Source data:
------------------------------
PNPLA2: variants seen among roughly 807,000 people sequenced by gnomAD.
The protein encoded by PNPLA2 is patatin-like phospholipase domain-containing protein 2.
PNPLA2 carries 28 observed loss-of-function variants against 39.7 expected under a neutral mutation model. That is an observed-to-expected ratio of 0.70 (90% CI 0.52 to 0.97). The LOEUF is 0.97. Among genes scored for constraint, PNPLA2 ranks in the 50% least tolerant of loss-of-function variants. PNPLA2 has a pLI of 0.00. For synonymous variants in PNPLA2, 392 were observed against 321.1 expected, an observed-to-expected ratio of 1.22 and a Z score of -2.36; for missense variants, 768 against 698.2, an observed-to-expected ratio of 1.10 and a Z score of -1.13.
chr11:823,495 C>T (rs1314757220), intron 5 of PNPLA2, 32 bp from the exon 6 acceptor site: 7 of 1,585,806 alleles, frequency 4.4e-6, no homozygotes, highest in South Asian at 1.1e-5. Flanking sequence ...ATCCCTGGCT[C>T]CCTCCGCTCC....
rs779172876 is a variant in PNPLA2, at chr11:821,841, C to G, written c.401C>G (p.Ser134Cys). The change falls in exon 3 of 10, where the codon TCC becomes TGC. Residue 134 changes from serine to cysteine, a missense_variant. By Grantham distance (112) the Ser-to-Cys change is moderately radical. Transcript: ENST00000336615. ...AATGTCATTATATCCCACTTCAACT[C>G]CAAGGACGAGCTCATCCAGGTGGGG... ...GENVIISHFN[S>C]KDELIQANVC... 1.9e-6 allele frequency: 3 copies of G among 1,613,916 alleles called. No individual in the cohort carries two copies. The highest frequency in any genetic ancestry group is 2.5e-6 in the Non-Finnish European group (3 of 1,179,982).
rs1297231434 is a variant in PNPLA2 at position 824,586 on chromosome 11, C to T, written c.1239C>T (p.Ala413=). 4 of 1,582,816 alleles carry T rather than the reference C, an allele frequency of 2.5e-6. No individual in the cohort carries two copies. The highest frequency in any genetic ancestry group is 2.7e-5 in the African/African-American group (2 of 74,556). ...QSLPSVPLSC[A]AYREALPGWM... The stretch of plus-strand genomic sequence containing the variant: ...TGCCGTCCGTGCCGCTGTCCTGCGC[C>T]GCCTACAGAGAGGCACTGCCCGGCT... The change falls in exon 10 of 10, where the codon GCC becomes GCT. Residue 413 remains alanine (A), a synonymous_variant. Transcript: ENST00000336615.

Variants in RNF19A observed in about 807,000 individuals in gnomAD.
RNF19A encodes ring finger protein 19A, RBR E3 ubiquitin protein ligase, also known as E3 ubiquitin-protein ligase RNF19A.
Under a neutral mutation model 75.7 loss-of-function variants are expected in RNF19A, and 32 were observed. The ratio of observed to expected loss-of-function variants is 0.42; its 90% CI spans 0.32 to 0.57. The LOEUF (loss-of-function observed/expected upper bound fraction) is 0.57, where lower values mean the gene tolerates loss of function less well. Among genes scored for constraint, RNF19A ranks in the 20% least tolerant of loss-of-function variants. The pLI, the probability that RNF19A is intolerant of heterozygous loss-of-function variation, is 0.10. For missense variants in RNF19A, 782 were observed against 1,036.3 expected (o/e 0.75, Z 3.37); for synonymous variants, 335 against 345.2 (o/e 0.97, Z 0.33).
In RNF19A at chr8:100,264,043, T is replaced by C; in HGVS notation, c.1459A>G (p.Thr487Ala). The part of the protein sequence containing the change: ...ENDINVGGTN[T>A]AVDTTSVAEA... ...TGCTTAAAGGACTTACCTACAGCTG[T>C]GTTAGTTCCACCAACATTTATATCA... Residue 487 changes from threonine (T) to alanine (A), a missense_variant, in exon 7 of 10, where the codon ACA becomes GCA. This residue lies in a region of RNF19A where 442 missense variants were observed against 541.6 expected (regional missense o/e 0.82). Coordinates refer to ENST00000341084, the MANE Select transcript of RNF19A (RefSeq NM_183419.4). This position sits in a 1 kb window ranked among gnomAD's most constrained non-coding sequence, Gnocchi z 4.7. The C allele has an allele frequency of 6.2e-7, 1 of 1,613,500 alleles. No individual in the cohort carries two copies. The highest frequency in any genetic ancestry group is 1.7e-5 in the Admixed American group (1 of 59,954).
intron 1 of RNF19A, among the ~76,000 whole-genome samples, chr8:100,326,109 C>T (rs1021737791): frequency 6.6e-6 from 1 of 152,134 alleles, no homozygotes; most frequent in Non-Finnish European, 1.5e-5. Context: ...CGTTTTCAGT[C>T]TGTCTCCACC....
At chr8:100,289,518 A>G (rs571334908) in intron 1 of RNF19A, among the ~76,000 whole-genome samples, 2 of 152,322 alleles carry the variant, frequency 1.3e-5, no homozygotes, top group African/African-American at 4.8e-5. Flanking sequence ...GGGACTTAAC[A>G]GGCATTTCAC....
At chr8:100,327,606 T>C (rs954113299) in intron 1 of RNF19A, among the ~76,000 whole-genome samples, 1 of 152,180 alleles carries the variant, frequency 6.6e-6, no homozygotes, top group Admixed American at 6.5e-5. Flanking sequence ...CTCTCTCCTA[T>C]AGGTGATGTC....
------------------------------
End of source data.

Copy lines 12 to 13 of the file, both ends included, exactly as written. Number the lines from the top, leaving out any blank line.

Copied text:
At chr8:100,289,518 A>G (rs571334908) in intron 1 of RNF19A, among the ~76,000 whole-genome samples, 2 of 152,322 alleles carry the variant, frequency 1.3e-5, no homozygotes, top group African/African-American at 4.8e-5. Flanking sequence ...GGGACTTAAC[A>G]GGCATTTCAC....
At chr8:100,327,606 T>C (rs954113299) in intron 1 of RNF19A, among the ~76,000 whole-genome samples, 1 of 152,180 alleles carries the variant, frequency 6.6e-6, no homozygotes, top group Admixed American at 6.5e-5. Flanking sequence ...CTCTCTCCTA[T>C]AGGTGATGTC....